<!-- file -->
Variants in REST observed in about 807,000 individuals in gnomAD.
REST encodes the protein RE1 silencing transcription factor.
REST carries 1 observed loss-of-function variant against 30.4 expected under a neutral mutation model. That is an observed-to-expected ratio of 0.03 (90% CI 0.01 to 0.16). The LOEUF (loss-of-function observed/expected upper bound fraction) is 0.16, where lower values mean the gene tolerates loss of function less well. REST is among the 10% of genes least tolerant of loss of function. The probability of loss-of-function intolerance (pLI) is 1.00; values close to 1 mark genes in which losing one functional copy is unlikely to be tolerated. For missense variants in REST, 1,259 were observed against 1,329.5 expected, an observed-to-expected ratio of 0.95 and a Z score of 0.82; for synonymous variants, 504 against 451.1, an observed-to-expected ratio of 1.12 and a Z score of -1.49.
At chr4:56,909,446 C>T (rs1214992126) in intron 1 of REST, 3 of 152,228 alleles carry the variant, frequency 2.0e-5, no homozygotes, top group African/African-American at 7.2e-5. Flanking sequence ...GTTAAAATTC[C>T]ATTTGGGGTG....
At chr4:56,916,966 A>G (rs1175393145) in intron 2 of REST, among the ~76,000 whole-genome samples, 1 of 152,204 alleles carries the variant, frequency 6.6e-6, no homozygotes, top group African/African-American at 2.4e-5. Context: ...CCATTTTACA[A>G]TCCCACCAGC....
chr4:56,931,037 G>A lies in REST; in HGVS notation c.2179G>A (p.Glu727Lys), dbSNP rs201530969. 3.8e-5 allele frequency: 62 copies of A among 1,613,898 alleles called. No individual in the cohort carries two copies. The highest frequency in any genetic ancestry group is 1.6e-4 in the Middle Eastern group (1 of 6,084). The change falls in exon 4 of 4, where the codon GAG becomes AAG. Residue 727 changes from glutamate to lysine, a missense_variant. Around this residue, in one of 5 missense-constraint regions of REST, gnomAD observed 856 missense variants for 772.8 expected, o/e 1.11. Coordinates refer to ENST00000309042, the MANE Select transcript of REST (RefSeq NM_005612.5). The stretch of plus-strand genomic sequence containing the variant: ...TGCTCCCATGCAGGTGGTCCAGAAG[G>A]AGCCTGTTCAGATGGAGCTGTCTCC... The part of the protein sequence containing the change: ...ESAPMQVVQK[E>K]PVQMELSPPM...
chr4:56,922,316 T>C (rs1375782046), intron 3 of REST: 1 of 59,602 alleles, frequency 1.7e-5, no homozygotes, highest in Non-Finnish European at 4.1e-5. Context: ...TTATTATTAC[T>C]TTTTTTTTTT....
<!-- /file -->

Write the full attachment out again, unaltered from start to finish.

Variants in REST observed in about 807,000 individuals in gnomAD.
REST encodes the protein RE1 silencing transcription factor.
REST carries 1 observed loss-of-function variant against 30.4 expected under a neutral mutation model. That is an observed-to-expected ratio of 0.03 (90% CI 0.01 to 0.16). The LOEUF (loss-of-function observed/expected upper bound fraction) is 0.16, where lower values mean the gene tolerates loss of function less well. REST is among the 10% of genes least tolerant of loss of function. The probability of loss-of-function intolerance (pLI) is 1.00; values close to 1 mark genes in which losing one functional copy is unlikely to be tolerated. For missense variants in REST, 1,259 were observed against 1,329.5 expected, an observed-to-expected ratio of 0.95 and a Z score of 0.82; for synonymous variants, 504 against 451.1, an observed-to-expected ratio of 1.12 and a Z score of -1.49.
At chr4:56,909,446 C>T (rs1214992126) in intron 1 of REST, 3 of 152,228 alleles carry the variant, frequency 2.0e-5, no homozygotes, top group African/African-American at 7.2e-5. Flanking sequence ...GTTAAAATTC[C>T]ATTTGGGGTG....
At chr4:56,916,966 A>G (rs1175393145) in intron 2 of REST, among the ~76,000 whole-genome samples, 1 of 152,204 alleles carries the variant, frequency 6.6e-6, no homozygotes, top group African/African-American at 2.4e-5. Context: ...CCATTTTACA[A>G]TCCCACCAGC....
chr4:56,931,037 G>A lies in REST; in HGVS notation c.2179G>A (p.Glu727Lys), dbSNP rs201530969. 3.8e-5 allele frequency: 62 copies of A among 1,613,898 alleles called. No individual in the cohort carries two copies. The highest frequency in any genetic ancestry group is 1.6e-4 in the Middle Eastern group (1 of 6,084). The change falls in exon 4 of 4, where the codon GAG becomes AAG. Residue 727 changes from glutamate to lysine, a missense_variant. Around this residue, in one of 5 missense-constraint regions of REST, gnomAD observed 856 missense variants for 772.8 expected, o/e 1.11. Coordinates refer to ENST00000309042, the MANE Select transcript of REST (RefSeq NM_005612.5). The stretch of plus-strand genomic sequence containing the variant: ...TGCTCCCATGCAGGTGGTCCAGAAG[G>A]AGCCTGTTCAGATGGAGCTGTCTCC... The part of the protein sequence containing the change: ...ESAPMQVVQK[E>K]PVQMELSPPM...
chr4:56,922,316 T>C (rs1375782046), intron 3 of REST: 1 of 59,602 alleles, frequency 1.7e-5, no homozygotes, highest in Non-Finnish European at 4.1e-5. Context: ...TTATTATTAC[T>C]TTTTTTTTTT....